Ethnic Russians seen as having weight in Latvian election

Frederick Owens
October 9, 2018

The party, whose main support comes from Latvia's ethnic Russian minority, won most seats at the last election but was sidelined from power when mainstream parties refused to include it in any deal due to its ties with the Kremlin.

The outgoing coalition of the centre-right has managed to revive the national economy after the 2009 crisis, but the electorate, exhausted by the effort, is in search of new faces.

KPV LV followed with 14.06 percent and the New Conservative Party with 13.6 percent voter support.

Polls closed at 8 p.m. (1700 GMT, 1 p.m. EDT) but voting was continuing at selected sites in North America for several more hours.

This prospect is scary for more than one in this baltic country of 1.9 million inhabitants, whose history is marked by hard relations with the large Russian neighbour.

With about half of the vote counted, Latvia's pro-minority Social Democrats are leading in the parliamentary poll in this Baltic country, the Central Election Commission said.

It enjoys broad support from the Russian minority, which accounts for about 25 percent of the Baltic country's almost 2 million people.

Latvia, an EU and North Atlantic Treaty Organisation member, is now ruled by a center-right coalition of the Unity party, the Union of Greens and Farmers and the National Alliance, but opinion polls have shown it losing ground.

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"Harmony", which is headed by the mayor of Riga, Nil Ushakov, completed the elections with a score of 19.9%.

Some Latvians were optimistic about the vote, including Evalds, 75.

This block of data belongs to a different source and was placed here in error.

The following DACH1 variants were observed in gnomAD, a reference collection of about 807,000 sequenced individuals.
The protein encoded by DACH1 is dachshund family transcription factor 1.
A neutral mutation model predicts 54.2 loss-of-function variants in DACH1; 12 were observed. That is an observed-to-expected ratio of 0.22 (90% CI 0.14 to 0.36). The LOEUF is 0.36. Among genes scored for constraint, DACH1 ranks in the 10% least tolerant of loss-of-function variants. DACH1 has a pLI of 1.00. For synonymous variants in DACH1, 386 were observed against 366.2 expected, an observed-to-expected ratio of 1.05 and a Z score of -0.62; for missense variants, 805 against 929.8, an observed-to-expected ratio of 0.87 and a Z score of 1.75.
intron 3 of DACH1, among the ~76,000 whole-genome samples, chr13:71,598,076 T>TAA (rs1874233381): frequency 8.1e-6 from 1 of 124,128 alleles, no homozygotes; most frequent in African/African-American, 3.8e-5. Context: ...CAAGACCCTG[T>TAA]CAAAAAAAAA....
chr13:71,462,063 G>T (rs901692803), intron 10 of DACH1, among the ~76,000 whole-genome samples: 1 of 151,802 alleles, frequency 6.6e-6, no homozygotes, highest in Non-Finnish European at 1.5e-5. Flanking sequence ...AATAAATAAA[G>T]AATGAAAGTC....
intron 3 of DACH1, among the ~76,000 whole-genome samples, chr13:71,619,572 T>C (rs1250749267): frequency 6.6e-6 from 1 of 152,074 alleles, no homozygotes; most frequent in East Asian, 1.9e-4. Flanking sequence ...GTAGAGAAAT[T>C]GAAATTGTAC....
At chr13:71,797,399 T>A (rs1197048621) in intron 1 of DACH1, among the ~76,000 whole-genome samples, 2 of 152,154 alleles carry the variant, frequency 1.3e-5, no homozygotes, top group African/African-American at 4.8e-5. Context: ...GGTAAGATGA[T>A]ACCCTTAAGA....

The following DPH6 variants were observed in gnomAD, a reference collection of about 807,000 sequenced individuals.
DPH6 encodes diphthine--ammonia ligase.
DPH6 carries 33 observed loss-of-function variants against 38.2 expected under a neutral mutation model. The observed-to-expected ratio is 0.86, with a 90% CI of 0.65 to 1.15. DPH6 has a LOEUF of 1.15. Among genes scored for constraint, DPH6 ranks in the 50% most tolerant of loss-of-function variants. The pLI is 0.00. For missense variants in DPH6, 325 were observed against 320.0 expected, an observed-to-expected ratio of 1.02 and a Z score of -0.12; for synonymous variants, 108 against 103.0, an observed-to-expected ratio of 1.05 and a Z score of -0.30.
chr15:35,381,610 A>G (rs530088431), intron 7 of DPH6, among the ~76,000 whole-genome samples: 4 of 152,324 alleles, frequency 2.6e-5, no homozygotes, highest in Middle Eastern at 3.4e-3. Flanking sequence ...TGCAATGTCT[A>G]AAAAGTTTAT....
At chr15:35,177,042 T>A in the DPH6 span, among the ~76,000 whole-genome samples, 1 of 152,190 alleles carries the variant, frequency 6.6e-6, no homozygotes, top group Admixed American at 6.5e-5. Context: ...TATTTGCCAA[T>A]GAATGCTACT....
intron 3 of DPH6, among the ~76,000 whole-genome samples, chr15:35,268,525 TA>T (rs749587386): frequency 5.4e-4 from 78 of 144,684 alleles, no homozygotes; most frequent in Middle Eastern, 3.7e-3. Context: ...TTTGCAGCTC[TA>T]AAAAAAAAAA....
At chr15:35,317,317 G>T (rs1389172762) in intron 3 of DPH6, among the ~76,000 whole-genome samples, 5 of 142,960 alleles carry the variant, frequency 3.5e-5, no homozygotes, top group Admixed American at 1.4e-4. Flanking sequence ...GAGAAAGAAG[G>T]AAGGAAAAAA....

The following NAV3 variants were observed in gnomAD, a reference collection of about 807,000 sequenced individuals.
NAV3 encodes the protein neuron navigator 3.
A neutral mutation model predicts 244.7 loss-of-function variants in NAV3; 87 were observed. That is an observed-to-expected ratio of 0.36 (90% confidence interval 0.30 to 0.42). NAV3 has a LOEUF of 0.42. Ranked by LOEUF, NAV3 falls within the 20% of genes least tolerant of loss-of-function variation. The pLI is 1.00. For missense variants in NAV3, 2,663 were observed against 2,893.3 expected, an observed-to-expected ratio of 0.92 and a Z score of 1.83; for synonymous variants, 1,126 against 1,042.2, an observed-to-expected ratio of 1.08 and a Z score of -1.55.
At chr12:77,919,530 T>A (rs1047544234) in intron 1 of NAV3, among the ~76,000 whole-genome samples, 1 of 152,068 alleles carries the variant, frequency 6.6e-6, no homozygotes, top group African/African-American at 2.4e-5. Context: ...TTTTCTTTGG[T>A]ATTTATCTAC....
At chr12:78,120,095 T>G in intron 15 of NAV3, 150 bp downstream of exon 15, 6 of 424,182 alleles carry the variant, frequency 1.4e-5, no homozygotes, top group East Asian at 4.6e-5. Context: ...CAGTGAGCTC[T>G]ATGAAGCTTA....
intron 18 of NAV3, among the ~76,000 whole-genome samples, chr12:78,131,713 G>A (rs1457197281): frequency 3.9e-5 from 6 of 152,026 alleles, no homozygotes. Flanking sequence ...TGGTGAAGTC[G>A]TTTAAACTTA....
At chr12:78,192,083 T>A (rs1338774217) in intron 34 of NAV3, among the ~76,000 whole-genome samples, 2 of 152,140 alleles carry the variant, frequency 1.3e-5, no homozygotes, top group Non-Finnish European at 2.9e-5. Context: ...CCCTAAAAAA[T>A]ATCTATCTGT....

"We're expecting changes. We need patience with the 16 (competing parties)", Evalds told The Associated Press in Riga.

According to the latest poll, the Greens and Peasants, at the head of the outgoing government, would not receive Saturday as fifteen seats in a parliament that in cent account. Sunday's results give the party 23 seats, one less than in the last election.

Relations between Russian Federation and Latvia have been frayed by Russia's 2014 annexation of the Crimea Peninsula from Ukraine and its support for separatists in eastern Ukraine.

"Given that the new Saeima is split, the creation of an efficient coalition without Harmony's votes and our voters is impossible in general", Usakovs said.

Russian President Vladimir Putin has taken a strong interest in defending the rights of ethnic Russians in the Baltics, and the Baltic nations of Estonia, Latvia and Lithuania have been wary of increased Russian military presence in the region. "But I have lived in Riga my whole life and so have five generations of my ancestors", she told the AP.

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